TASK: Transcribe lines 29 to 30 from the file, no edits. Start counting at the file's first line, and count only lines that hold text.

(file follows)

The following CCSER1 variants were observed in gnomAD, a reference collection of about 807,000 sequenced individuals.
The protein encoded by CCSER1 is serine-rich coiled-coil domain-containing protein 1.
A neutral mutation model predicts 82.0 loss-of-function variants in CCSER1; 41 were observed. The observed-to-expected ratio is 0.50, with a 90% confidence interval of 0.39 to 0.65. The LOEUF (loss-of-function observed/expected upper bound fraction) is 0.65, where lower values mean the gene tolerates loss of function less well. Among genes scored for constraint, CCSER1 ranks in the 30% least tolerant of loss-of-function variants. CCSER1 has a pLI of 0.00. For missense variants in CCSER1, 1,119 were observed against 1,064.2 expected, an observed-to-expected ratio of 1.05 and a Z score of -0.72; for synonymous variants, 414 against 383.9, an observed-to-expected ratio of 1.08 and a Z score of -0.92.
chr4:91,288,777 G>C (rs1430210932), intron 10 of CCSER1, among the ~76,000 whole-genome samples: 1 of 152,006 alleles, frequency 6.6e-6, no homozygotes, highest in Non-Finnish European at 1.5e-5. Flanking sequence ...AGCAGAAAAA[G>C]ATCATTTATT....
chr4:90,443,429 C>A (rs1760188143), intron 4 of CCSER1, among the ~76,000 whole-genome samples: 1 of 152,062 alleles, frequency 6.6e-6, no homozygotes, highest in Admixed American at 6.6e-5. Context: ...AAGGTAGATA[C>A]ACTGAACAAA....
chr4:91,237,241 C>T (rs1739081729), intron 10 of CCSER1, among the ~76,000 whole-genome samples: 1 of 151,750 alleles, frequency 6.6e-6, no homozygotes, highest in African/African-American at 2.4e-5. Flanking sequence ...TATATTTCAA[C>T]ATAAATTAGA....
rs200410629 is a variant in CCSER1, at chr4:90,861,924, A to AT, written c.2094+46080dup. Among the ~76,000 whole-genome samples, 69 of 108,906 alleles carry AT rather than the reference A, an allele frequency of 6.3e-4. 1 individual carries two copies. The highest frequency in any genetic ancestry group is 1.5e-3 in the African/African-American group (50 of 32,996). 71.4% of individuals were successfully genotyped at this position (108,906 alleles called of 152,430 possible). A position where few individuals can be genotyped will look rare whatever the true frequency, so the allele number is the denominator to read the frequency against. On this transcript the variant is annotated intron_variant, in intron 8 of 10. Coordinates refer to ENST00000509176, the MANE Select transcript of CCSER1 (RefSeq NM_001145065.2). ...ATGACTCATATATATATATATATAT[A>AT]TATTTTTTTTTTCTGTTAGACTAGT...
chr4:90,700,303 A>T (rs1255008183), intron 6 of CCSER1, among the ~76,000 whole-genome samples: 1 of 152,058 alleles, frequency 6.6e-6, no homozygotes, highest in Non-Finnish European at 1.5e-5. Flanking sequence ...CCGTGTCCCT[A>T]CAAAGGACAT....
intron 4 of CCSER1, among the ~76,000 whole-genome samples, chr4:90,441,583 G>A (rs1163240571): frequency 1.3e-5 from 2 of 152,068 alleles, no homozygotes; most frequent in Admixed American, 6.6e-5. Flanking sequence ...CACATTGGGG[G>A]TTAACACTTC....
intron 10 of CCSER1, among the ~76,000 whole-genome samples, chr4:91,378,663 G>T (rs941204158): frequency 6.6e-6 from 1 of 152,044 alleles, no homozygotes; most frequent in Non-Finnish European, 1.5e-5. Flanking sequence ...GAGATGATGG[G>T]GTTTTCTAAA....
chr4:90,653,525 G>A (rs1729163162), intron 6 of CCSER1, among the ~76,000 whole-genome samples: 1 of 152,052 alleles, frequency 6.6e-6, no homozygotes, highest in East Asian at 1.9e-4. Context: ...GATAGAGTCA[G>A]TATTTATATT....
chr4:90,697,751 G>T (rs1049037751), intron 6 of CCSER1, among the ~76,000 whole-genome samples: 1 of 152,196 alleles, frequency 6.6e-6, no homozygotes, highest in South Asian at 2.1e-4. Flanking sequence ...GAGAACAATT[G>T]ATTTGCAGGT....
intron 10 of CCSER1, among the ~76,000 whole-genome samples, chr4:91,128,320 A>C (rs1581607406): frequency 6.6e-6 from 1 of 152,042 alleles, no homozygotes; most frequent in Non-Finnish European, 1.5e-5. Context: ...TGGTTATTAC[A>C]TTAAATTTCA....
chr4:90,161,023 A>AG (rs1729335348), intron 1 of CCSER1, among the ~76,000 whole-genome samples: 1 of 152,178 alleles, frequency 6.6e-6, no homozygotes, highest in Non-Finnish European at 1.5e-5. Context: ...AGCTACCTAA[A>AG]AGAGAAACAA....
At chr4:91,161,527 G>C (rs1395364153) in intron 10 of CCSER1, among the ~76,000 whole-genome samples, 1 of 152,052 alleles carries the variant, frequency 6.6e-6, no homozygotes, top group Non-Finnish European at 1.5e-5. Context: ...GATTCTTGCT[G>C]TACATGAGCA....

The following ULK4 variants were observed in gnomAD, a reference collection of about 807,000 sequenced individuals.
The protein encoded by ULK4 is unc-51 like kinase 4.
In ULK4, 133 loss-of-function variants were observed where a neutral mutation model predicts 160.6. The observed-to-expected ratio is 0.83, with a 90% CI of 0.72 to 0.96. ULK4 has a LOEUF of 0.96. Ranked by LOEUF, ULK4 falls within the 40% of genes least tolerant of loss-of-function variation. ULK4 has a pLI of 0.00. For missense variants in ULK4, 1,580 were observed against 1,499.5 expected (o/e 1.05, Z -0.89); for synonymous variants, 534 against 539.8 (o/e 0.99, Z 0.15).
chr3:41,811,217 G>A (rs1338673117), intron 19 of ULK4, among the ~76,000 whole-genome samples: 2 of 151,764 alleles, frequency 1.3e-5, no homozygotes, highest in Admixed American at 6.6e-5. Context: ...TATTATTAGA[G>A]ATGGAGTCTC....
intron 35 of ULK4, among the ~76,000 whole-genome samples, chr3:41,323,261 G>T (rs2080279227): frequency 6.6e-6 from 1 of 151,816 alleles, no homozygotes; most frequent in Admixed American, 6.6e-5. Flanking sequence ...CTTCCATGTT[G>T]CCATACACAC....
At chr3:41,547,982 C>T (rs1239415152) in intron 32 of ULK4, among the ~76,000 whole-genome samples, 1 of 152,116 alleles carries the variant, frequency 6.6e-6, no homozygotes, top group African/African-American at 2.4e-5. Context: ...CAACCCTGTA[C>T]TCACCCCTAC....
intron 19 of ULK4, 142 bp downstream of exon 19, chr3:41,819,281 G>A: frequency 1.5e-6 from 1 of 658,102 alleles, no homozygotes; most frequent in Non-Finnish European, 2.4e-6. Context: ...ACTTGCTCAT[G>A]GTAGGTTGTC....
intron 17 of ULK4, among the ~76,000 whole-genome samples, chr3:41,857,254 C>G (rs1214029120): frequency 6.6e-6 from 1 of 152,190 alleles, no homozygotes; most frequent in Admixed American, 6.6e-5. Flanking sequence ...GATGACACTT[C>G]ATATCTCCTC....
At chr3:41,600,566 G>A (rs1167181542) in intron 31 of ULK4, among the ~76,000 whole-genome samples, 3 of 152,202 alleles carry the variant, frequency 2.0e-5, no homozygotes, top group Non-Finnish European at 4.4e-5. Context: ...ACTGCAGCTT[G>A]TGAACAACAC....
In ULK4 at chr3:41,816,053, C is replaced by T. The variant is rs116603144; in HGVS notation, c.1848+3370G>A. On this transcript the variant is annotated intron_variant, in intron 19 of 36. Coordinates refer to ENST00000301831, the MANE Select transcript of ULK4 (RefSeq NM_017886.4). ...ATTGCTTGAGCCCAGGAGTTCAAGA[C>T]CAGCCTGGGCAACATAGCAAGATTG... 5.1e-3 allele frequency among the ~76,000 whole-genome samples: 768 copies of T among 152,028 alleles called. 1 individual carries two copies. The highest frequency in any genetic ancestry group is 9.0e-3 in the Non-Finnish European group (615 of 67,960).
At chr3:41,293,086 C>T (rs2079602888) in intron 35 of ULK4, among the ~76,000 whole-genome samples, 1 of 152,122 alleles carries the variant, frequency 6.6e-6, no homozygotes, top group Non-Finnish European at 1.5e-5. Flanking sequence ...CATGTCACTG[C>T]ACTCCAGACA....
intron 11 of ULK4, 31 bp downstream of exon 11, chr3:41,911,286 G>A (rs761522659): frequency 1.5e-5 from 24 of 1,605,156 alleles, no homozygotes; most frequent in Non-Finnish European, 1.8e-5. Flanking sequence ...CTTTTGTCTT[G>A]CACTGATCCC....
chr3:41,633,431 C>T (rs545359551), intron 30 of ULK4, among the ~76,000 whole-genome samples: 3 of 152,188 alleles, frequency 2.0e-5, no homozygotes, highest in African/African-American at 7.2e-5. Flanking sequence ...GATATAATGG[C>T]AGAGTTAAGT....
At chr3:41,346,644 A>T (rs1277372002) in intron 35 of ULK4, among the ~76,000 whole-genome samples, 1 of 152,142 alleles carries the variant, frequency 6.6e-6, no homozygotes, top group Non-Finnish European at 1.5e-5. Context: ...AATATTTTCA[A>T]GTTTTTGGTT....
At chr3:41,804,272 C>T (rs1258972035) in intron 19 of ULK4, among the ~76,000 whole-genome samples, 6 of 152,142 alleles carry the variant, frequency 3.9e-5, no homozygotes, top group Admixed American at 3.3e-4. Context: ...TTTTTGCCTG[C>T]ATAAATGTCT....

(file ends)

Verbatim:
At chr3:41,346,644 A>T (rs1277372002) in intron 35 of ULK4, among the ~76,000 whole-genome samples, 1 of 152,142 alleles carries the variant, frequency 6.6e-6, no homozygotes, top group Non-Finnish European at 1.5e-5. Context: ...AATATTTTCA[A>T]GTTTTTGGTT....
At chr3:41,804,272 C>T (rs1258972035) in intron 19 of ULK4, among the ~76,000 whole-genome samples, 6 of 152,142 alleles carry the variant, frequency 3.9e-5, no homozygotes, top group Admixed American at 3.3e-4. Context: ...TTTTTGCCTG[C>T]ATAAATGTCT....